We evolved by cooking over open fire, but you can enhance things significantly by adding sauces designed to complement the smoky flavors.
Grilling is one of the classic ways to cook. From competitive BBQ contests to summer backyard cookouts, we all love grilled foods.
I wanted to cover a wide spectrum of flavors and cuisines so you can find fun new accompaniments to try. You can use these sauces to discover new ingredients or as an inspiration to create theme dinners around the sauce origins.
Of course, the first grilling sauce you think of is BBQ sauce and I have a fun, slightly different one for you to try. Using soda as an ingredient is very common in southern cuisine and I like the sweetness it adds to sauces. I combined root beer with bourbon for a nice kick and rounding of flavors. You won’t necessarily taste any of the individual ingredients, but together they make a sensational sweet and tangy tomato-based sauce.
I serve BBQ sauce as a mop sauce and glaze for ribs. It complements the pork beautifully. If you’re going to serve it with a different meat or chicken, you may want to cut back on the sweetness and increase the heat.
The second sauce is inspired by the flavors of South America and combines cilantro and fresh chiles for a bright, light sauce that is perfect with your grilled foods as well as a dip for chips or vegetable crudités. It is positively addicting and my friend Karen is encouraging me to bottle it for her to take home to Canada!
This sauce is so good and versatile that I recommend you double the recipe. This way when you keep “testing” it with tortilla chips to see if it is OK, you will still have enough for serving at dinner.
Compound butters are often used in French cuisine. It is common to see a pat of seasoned butter placed on top of a juicy steak, melting onto the beef. These butters can be used with much more than just steak – chicken, seafood, pork, poultry and vegetables are all better with a beautiful compound butter. You can use any combination of herbs and seasonings that you like. I often make several at the same time, each a different flavor, roll them into logs and wrap with parchment and plastic, and then store them in the freezer for future meals. They also make fabulous gifts for family and friends.
I planned this butter to be served melted over a steak hot off the grill, but one of my friends added some to his grilled vegetables and thought it was almost better that way. It is wonderful when people come over for testing night and give me new ideas on how to serve my recipes.
My recipe calls for chipotles in adobo. These are smoked jalapeno peppers that have been marinated in a piquant and spicy sauce. If you don’t want to buy a jar just for this recipe, you can use chipotle powder. If you want your compound butter to have more kick, add some of the liquid from the jar or more chipotle powder. But watch out, it is really spicy!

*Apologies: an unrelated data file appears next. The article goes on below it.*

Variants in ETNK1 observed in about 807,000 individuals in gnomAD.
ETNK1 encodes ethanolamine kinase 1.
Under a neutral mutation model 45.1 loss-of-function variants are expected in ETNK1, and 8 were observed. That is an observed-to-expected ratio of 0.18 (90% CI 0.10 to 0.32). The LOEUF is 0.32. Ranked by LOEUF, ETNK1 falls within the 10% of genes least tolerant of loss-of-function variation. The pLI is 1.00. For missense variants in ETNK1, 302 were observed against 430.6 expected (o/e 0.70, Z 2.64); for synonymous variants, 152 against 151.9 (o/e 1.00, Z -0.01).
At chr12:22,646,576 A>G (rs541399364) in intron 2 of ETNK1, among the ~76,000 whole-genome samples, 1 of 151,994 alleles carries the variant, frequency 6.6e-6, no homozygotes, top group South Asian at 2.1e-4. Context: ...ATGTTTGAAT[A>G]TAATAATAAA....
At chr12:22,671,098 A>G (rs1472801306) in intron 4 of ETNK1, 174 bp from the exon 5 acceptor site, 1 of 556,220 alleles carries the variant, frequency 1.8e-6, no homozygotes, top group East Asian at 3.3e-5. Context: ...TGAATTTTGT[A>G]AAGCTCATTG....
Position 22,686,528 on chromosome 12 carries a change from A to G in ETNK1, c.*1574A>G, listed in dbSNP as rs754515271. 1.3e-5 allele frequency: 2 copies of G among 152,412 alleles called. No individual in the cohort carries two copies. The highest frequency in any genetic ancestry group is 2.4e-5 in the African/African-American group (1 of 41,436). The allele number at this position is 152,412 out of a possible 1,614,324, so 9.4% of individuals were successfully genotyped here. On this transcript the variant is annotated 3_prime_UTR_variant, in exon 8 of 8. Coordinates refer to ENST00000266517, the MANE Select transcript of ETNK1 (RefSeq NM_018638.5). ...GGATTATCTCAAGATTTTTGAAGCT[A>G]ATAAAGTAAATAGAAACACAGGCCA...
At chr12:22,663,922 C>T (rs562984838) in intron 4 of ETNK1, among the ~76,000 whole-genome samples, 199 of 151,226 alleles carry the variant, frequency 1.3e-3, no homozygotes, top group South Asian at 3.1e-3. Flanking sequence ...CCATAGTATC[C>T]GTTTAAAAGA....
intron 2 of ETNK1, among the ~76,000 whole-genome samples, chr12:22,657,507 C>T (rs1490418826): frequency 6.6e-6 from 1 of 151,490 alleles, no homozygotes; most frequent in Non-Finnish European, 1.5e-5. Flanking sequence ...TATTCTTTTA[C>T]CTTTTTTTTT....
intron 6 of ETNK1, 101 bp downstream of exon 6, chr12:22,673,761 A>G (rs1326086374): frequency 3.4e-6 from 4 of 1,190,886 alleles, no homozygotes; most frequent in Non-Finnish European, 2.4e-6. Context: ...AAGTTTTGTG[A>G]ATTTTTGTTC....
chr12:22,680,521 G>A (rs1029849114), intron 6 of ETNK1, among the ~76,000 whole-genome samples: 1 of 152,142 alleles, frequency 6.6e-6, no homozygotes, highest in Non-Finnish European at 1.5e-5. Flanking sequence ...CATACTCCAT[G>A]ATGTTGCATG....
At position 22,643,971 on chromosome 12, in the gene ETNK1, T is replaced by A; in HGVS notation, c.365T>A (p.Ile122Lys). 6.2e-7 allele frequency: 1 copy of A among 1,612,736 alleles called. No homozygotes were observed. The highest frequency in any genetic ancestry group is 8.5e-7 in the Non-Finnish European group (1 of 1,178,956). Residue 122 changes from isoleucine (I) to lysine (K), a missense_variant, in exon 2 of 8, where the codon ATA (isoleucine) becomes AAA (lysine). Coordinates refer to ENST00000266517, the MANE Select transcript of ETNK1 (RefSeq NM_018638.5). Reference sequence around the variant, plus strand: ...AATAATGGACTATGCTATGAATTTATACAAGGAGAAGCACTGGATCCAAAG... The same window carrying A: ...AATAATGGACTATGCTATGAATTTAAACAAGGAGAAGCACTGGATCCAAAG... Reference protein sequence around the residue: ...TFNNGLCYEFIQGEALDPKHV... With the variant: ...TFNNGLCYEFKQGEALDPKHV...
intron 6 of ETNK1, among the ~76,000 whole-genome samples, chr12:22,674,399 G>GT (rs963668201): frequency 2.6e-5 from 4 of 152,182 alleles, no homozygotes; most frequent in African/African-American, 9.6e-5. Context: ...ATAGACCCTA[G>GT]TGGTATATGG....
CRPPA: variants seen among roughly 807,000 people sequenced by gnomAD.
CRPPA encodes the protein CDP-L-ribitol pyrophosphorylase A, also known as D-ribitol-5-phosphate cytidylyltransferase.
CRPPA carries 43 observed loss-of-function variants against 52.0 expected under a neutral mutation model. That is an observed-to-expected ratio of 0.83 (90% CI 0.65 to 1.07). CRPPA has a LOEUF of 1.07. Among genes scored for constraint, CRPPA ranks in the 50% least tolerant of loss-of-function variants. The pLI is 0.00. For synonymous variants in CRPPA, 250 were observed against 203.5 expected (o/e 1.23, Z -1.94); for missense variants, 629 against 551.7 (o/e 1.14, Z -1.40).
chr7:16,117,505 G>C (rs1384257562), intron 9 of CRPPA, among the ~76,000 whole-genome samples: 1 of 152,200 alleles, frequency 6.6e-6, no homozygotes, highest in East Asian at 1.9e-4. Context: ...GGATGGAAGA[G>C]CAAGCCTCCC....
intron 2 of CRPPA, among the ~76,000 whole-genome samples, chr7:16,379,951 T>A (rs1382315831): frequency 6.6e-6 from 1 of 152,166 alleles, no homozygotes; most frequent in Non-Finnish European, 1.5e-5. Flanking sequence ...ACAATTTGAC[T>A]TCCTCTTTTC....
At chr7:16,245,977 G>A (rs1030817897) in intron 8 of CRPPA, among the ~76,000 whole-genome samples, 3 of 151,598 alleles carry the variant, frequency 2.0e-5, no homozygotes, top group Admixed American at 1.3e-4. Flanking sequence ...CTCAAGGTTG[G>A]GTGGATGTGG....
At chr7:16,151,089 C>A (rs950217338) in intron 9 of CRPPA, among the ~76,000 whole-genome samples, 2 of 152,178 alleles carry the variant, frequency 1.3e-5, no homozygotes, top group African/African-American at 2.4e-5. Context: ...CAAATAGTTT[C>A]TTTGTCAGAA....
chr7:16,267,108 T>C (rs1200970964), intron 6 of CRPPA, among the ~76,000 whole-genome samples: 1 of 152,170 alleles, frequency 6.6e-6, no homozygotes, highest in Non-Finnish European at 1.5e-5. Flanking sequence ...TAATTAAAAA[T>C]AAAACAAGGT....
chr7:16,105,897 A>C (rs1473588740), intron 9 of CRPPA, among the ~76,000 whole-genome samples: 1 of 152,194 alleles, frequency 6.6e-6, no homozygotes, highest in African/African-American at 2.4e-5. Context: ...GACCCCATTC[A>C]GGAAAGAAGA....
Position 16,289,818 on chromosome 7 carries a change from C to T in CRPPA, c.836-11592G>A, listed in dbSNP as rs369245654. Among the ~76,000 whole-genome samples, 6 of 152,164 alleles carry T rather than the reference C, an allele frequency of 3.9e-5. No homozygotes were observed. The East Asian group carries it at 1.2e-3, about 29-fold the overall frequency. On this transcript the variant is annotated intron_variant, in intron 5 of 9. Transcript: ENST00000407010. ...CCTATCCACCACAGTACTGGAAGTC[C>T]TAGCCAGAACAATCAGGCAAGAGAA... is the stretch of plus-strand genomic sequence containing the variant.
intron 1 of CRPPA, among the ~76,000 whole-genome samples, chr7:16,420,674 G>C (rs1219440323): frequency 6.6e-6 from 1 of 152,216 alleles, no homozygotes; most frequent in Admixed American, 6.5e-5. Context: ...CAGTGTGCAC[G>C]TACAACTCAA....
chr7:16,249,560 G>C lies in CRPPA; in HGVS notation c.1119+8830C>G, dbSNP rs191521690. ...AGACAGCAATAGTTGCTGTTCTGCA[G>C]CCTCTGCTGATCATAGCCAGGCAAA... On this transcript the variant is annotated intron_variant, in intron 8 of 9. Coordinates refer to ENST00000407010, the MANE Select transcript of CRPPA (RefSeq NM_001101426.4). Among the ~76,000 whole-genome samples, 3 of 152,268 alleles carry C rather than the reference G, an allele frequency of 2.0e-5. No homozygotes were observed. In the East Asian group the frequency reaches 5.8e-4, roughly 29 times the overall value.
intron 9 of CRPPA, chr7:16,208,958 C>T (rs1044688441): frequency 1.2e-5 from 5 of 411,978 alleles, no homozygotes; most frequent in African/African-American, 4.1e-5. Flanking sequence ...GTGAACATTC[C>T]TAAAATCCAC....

And the final sauce is a green version of harissa, the North African condiment that goes with everything. It is a bit like their version of ketchup and they use it at many meals. It has some similarities to chimichurri sauce, but with different spices and a lot more heat. It is an uncooked sauce that comes together very quickly with the use of a food processor or blender. You can control the heat by using milder chiles or just cutting back the number you use.
All of these sauces and the compound butter can be made ahead and stored in the refrigerator. Whip them up a couple days ahead of your barbecue or party and that is one less thing you need to worry about on party day.
A sweet and tangy sauce to complement grilled meats.
- 1 cup root beer
- 1 cup ketchup
- 2 tablespoons freshly squeezed lemon juice
- 2 tablespoons freshly squeezed lime juice (or more lemon juice)
- 1/4 cup good-quality bourbon
- 2 tablespoons Worcestershire sauce
- 3 tablespoons firmly packed brown sugar (add more if you like a sweeter sauce)
- 1 tablespoon molasses (not blackstrap)
- 2 teaspoons ground chipotle pepper
- 1 1/2-inch slice of fresh ginger, peeled
- 1/2 teaspoon onion powder
- 1/4 teaspoon garlic powder
- Kosher or sea salt and freshly ground pepper, if needed
- Place all of the sauce ingredients except the salt and pepper in a heavy-bottomed 3- to 4- quart saucepan and bring to a boil over medium heat, stirring often. It will foam up as it comes to a boil. Reduce heat to medium-low and simmer, stirring occasionally, until reduced to 1 1/2 cups, about 15 to 20 minutes. Discard the piece of ginger. Taste, and add salt and pepper if desired.
- Remove from the heat and cool about 15 minutes. Transfer to a bowl or jar, cover and refrigerate. The sauce will last in the refrigerator up to 2 weeks.
For a spicier sauce, stir in a couple splashes of Worcestershire and some chipotle powder.